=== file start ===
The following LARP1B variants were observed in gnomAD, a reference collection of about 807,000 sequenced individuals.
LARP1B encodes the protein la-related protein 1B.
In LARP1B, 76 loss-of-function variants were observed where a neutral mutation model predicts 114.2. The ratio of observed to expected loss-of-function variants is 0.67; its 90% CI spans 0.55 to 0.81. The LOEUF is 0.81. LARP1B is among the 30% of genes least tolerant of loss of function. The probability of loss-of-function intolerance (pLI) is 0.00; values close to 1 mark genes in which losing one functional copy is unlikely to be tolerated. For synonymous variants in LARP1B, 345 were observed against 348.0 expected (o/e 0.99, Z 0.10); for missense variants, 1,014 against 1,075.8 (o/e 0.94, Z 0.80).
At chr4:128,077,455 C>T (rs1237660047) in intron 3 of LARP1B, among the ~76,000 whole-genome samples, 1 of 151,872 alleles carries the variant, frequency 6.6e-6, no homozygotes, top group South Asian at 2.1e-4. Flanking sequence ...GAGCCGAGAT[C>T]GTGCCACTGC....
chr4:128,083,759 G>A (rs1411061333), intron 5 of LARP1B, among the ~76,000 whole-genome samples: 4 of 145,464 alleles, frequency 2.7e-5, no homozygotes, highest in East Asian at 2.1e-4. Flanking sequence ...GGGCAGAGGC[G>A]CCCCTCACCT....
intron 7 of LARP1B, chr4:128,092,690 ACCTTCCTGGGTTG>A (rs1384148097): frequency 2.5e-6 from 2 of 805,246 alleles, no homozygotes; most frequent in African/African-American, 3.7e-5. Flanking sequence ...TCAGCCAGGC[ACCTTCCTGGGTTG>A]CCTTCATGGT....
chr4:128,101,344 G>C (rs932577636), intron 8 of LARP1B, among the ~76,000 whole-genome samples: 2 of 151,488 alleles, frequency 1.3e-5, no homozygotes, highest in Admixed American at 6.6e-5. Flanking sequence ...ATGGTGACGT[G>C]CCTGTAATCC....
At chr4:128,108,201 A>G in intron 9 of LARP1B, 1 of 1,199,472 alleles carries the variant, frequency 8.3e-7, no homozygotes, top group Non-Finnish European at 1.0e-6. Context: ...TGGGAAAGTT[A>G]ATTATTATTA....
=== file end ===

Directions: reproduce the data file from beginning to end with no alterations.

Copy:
The following LARP1B variants were observed in gnomAD, a reference collection of about 807,000 sequenced individuals.
LARP1B encodes the protein la-related protein 1B.
In LARP1B, 76 loss-of-function variants were observed where a neutral mutation model predicts 114.2. The ratio of observed to expected loss-of-function variants is 0.67; its 90% CI spans 0.55 to 0.81. The LOEUF is 0.81. LARP1B is among the 30% of genes least tolerant of loss of function. The probability of loss-of-function intolerance (pLI) is 0.00; values close to 1 mark genes in which losing one functional copy is unlikely to be tolerated. For synonymous variants in LARP1B, 345 were observed against 348.0 expected (o/e 0.99, Z 0.10); for missense variants, 1,014 against 1,075.8 (o/e 0.94, Z 0.80).
At chr4:128,077,455 C>T (rs1237660047) in intron 3 of LARP1B, among the ~76,000 whole-genome samples, 1 of 151,872 alleles carries the variant, frequency 6.6e-6, no homozygotes, top group South Asian at 2.1e-4. Flanking sequence ...GAGCCGAGAT[C>T]GTGCCACTGC....
chr4:128,083,759 G>A (rs1411061333), intron 5 of LARP1B, among the ~76,000 whole-genome samples: 4 of 145,464 alleles, frequency 2.7e-5, no homozygotes, highest in East Asian at 2.1e-4. Flanking sequence ...GGGCAGAGGC[G>A]CCCCTCACCT....
intron 7 of LARP1B, chr4:128,092,690 ACCTTCCTGGGTTG>A (rs1384148097): frequency 2.5e-6 from 2 of 805,246 alleles, no homozygotes; most frequent in African/African-American, 3.7e-5. Flanking sequence ...TCAGCCAGGC[ACCTTCCTGGGTTG>A]CCTTCATGGT....
chr4:128,101,344 G>C (rs932577636), intron 8 of LARP1B, among the ~76,000 whole-genome samples: 2 of 151,488 alleles, frequency 1.3e-5, no homozygotes, highest in Admixed American at 6.6e-5. Flanking sequence ...ATGGTGACGT[G>C]CCTGTAATCC....
At chr4:128,108,201 A>G in intron 9 of LARP1B, 1 of 1,199,472 alleles carries the variant, frequency 8.3e-7, no homozygotes, top group Non-Finnish European at 1.0e-6. Context: ...TGGGAAAGTT[A>G]ATTATTATTA....